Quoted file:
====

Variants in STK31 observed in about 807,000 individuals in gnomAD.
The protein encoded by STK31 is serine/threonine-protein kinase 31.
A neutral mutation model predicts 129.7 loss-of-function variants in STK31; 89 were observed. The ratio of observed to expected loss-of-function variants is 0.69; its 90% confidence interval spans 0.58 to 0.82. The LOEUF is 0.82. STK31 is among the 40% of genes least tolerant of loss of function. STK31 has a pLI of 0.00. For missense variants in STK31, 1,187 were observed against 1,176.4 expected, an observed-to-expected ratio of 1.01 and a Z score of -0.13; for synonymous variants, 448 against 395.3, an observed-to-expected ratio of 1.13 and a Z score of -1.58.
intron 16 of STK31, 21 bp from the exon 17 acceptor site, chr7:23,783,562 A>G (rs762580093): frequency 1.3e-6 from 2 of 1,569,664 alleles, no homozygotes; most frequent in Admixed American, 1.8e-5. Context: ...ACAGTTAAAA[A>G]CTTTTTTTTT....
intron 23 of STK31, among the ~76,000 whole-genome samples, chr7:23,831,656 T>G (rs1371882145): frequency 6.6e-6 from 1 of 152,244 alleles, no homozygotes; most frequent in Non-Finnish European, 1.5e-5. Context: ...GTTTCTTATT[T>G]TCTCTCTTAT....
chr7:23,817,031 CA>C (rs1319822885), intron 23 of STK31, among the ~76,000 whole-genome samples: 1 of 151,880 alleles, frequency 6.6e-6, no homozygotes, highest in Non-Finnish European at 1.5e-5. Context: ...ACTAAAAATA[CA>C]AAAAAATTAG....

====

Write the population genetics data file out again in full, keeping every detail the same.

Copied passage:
Variants in STK31 observed in about 807,000 individuals in gnomAD.
The protein encoded by STK31 is serine/threonine-protein kinase 31.
A neutral mutation model predicts 129.7 loss-of-function variants in STK31; 89 were observed. The ratio of observed to expected loss-of-function variants is 0.69; its 90% confidence interval spans 0.58 to 0.82. The LOEUF is 0.82. STK31 is among the 40% of genes least tolerant of loss of function. STK31 has a pLI of 0.00. For missense variants in STK31, 1,187 were observed against 1,176.4 expected, an observed-to-expected ratio of 1.01 and a Z score of -0.13; for synonymous variants, 448 against 395.3, an observed-to-expected ratio of 1.13 and a Z score of -1.58.
intron 16 of STK31, 21 bp from the exon 17 acceptor site, chr7:23,783,562 A>G (rs762580093): frequency 1.3e-6 from 2 of 1,569,664 alleles, no homozygotes; most frequent in Admixed American, 1.8e-5. Context: ...ACAGTTAAAA[A>G]CTTTTTTTTT....
intron 23 of STK31, among the ~76,000 whole-genome samples, chr7:23,831,656 T>G (rs1371882145): frequency 6.6e-6 from 1 of 152,244 alleles, no homozygotes; most frequent in Non-Finnish European, 1.5e-5. Context: ...GTTTCTTATT[T>G]TCTCTCTTAT....
chr7:23,817,031 CA>C (rs1319822885), intron 23 of STK31, among the ~76,000 whole-genome samples: 1 of 151,880 alleles, frequency 6.6e-6, no homozygotes, highest in Non-Finnish European at 1.5e-5. Context: ...ACTAAAAATA[CA>C]AAAAAATTAG....